Created By: Raven Wilder on January 15, 2010

Family Values Villain

Name Space:
Page Type:
Faith: "Thanks, sugar daddy!"
The Mayor: "Now, Faith, I don't find that sort of thing amusing. I'm a family man. Now, let's kill your little friend."
-Buffy the Vampire Slayer, "Dopplegangland"

Some villains have standards. They might have no problem gunning cops down in cold blood, but they aren't going to do anything to children. Or they might be willing to blow up a city for a holy cause, but not for money. Somewhere they have to draw the line.

And for a handful of villains, that line is, "Anything the Brady kids learned an Aesop about." Yes, these are bad guys who believe in good old fashioned family values. Being a kingpin in the international drug trade might be fine, but giving alcohol to minors, most certainly not! It's their duty as a loyal citizens to show respect and admiration for the local police, but nothing says they can't do that and bribe the cops into murdering their enemies. And, of course, sexual intercourse outside of marriage is strictly prohibited ... unless it's non-consensual, then they can just go wild.

Not all examples of this trope are as self-contradictory as the ones above, though. In some cases, promoting family values may be the reason the villain is doing all these horrible things, making them a Knight Templar. And in other cases the family wo/man routine might simply be an act, designed to ensure they remain a Villain with Good Publicity.

But then again, some just don't seem to see anything odd about speaking an arcane ritual to summon horrific demons into the mortal plane, then lecture some kids about saying "darn" instead of "damn."


  • Buffy the Vampire Slayer villain Mayor Richard Wilkins III is really the pinnacle of this trope. He's made deals with dozens of different demons, founded a town specifically so he could lure in people to be killed by monsters, orders numerous thefts and assassinations (including against newborn infants), and his master plan is to become a giant demon that will devour everyone in sight. But he still believes in setting a good example for the children, is disgusted by "immoral liasons" at the local motel, and his last words to his vampire army before the final battle are, "And boys? Let's watch the swearing." How much of this is an act, how much his real personality, and how much an act he's been doing so long it's become his real personality is unclear.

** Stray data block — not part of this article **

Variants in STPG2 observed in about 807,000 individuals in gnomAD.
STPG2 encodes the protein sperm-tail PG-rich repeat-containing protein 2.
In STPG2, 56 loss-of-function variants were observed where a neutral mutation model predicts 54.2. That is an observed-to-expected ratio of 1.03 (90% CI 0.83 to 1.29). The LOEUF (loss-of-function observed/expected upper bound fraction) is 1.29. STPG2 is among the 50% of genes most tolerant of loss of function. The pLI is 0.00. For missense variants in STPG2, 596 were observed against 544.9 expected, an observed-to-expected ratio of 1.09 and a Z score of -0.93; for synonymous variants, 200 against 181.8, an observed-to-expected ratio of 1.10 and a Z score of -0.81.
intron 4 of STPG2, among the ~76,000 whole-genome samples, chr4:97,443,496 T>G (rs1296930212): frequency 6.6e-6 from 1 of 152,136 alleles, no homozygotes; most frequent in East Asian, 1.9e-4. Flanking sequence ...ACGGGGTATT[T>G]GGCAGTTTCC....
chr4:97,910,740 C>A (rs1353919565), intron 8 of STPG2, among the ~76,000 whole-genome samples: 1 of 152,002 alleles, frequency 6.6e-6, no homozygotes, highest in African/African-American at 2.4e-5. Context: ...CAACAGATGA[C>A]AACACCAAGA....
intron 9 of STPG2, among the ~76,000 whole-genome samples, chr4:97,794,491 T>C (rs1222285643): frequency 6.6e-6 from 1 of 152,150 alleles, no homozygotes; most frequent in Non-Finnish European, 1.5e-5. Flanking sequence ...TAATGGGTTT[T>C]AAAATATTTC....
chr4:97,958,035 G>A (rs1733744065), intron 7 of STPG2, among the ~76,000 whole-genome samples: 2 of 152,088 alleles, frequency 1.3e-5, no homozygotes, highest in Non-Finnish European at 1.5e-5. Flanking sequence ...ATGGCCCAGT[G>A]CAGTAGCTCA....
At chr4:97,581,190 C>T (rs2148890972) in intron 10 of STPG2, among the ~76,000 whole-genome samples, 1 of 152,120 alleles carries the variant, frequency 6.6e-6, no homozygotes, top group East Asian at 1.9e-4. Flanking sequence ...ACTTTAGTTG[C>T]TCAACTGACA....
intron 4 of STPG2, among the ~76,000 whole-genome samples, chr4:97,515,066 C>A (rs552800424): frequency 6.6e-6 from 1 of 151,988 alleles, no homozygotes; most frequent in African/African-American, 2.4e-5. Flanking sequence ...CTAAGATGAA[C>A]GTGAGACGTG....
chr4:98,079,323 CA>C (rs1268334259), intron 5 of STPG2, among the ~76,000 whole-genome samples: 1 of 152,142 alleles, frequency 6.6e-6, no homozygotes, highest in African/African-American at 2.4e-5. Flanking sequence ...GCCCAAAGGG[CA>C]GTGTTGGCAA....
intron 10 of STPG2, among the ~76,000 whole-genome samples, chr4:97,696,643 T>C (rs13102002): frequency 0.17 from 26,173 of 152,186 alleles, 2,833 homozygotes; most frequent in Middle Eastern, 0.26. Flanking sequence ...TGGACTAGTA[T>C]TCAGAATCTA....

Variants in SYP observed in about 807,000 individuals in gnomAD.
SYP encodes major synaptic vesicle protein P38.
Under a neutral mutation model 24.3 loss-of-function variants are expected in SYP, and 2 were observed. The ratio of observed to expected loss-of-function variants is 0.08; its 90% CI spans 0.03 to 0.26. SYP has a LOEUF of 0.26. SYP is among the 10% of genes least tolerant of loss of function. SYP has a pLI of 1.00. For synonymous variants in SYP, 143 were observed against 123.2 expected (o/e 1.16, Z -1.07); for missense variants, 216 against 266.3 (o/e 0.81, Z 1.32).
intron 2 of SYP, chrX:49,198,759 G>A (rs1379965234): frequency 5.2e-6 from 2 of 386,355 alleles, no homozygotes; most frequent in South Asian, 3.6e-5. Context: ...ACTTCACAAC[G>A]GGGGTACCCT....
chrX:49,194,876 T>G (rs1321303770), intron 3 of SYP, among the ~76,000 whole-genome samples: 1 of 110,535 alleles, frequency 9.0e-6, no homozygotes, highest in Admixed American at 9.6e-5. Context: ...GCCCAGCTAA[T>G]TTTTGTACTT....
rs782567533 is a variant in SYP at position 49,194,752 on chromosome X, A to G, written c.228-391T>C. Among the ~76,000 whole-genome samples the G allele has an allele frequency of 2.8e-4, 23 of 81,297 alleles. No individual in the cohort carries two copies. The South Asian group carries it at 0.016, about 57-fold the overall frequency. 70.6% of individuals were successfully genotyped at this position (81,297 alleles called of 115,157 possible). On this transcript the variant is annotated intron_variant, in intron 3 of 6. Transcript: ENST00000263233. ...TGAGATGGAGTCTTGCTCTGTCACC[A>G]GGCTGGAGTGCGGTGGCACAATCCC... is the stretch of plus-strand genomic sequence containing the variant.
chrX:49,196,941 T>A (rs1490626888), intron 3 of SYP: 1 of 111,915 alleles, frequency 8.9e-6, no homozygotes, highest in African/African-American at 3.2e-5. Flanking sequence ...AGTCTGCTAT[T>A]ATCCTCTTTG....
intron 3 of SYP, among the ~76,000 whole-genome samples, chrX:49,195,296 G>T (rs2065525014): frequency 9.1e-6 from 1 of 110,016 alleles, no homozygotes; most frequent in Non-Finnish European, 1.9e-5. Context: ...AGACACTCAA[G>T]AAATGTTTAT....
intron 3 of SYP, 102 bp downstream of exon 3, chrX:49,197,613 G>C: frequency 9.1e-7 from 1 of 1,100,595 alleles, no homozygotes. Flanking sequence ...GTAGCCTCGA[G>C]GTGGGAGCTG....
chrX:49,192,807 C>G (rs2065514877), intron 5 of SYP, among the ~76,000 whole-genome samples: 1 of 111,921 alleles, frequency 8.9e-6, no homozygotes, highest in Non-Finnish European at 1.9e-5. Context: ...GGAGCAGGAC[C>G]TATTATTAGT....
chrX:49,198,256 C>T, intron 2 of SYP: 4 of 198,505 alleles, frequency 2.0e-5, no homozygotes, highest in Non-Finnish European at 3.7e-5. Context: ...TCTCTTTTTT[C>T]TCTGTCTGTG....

• In Under the Dome Second Selectman Big Jim Rennie is a born again Christian who has refused to swear or drink since his conversion, and believes highly in family unity. That doesn't stop him from being a Complete Monster who plots a hostile takeover of the town, fills the police force with rape-happy Mooks, sets up the largest meth lab in the country, and kills members of his family. It's for "the good of the town," afterall.
Community Feedback Replies: 7
  • January 15, 2010
    Real Life: Mob boss "Diamond Jim" Colosimo had no problems running prostitution rings and illegal gambling in Chicago, but when Prohibition went into effect he refused to have anything to do with bootlegging. (Within five months Colosimo was shot to death and his second-in-command Johnny Torrio had moved into alcohol smuggling, but that would be another trope.)
  • January 16, 2010
  • January 16, 2010
    This is not Affably Evil, because they might not be affable. This is where they have what is called in the USA "family values", yet are still evil.

    I guess this is a sub-trope of Even Evil Has Standards. They have standards, "family values" standards, but they are still evil.

    • Dolores Umbridge of the Harry Potter novels seems to be this type of person. No lying, no swearing, and so on.
  • January 16, 2010
    Would Straight Edge Evil be a common theme or sub-trope?
  • January 16, 2010
    This is Straight Edge Evil. Thanks for mentioning that trope, I didn't know it existed.
  • January 16, 2010
    Raven Wilder
    Yeap, was totally unaware that trope existed. It's a shame, cause personally I think this description was a lot more colorful than the one for Straight Edge Evil.
  • January 16, 2010
    You can work on the description of Straight Edge Evil if you wish. Remember Wiki Magic is the rule here.